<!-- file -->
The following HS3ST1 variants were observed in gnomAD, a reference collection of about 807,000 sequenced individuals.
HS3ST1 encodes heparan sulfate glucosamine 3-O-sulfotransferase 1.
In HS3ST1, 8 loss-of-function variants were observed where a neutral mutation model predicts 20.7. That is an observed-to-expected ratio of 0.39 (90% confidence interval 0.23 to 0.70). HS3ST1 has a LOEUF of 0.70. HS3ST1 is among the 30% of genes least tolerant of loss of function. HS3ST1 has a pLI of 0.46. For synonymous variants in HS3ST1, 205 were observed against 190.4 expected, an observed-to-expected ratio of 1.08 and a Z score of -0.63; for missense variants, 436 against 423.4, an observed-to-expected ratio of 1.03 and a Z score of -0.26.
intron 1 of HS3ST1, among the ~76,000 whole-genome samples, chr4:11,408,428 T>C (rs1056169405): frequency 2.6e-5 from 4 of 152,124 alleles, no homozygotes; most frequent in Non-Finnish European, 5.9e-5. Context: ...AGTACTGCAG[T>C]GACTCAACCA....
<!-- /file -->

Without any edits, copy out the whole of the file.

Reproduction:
The following HS3ST1 variants were observed in gnomAD, a reference collection of about 807,000 sequenced individuals.
HS3ST1 encodes heparan sulfate glucosamine 3-O-sulfotransferase 1.
In HS3ST1, 8 loss-of-function variants were observed where a neutral mutation model predicts 20.7. That is an observed-to-expected ratio of 0.39 (90% confidence interval 0.23 to 0.70). HS3ST1 has a LOEUF of 0.70. HS3ST1 is among the 30% of genes least tolerant of loss of function. HS3ST1 has a pLI of 0.46. For synonymous variants in HS3ST1, 205 were observed against 190.4 expected, an observed-to-expected ratio of 1.08 and a Z score of -0.63; for missense variants, 436 against 423.4, an observed-to-expected ratio of 1.03 and a Z score of -0.26.
intron 1 of HS3ST1, among the ~76,000 whole-genome samples, chr4:11,408,428 T>C (rs1056169405): frequency 2.6e-5 from 4 of 152,124 alleles, no homozygotes; most frequent in Non-Finnish European, 5.9e-5. Context: ...AGTACTGCAG[T>C]GACTCAACCA....